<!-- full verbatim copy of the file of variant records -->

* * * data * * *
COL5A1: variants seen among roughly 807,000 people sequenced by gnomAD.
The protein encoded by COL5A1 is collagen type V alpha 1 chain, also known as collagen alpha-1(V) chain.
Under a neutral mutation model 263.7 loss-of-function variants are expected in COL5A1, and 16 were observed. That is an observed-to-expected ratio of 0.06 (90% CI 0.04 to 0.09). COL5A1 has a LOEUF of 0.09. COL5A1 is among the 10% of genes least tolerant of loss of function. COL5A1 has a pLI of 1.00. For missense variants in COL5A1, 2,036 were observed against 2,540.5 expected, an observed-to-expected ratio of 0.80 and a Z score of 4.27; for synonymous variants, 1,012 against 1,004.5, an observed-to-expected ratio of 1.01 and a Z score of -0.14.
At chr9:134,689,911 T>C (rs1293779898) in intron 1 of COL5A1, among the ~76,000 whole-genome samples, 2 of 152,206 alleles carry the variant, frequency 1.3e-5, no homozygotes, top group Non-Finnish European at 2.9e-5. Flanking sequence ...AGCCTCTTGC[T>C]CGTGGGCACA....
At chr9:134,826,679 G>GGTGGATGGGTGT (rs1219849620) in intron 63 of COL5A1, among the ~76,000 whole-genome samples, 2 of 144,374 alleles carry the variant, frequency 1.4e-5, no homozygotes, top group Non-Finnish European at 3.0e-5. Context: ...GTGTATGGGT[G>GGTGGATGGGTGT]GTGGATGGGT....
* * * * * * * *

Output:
COL5A1: variants seen among roughly 807,000 people sequenced by gnomAD.
The protein encoded by COL5A1 is collagen type V alpha 1 chain, also known as collagen alpha-1(V) chain.
Under a neutral mutation model 263.7 loss-of-function variants are expected in COL5A1, and 16 were observed. That is an observed-to-expected ratio of 0.06 (90% CI 0.04 to 0.09). COL5A1 has a LOEUF of 0.09. COL5A1 is among the 10% of genes least tolerant of loss of function. COL5A1 has a pLI of 1.00. For missense variants in COL5A1, 2,036 were observed against 2,540.5 expected, an observed-to-expected ratio of 0.80 and a Z score of 4.27; for synonymous variants, 1,012 against 1,004.5, an observed-to-expected ratio of 1.01 and a Z score of -0.14.
At chr9:134,689,911 T>C (rs1293779898) in intron 1 of COL5A1, among the ~76,000 whole-genome samples, 2 of 152,206 alleles carry the variant, frequency 1.3e-5, no homozygotes, top group Non-Finnish European at 2.9e-5. Flanking sequence ...AGCCTCTTGC[T>C]CGTGGGCACA....
At chr9:134,826,679 G>GGTGGATGGGTGT (rs1219849620) in intron 63 of COL5A1, among the ~76,000 whole-genome samples, 2 of 144,374 alleles carry the variant, frequency 1.4e-5, no homozygotes, top group Non-Finnish European at 3.0e-5. Context: ...GTGTATGGGT[G>GGTGGATGGGTGT]GTGGATGGGT....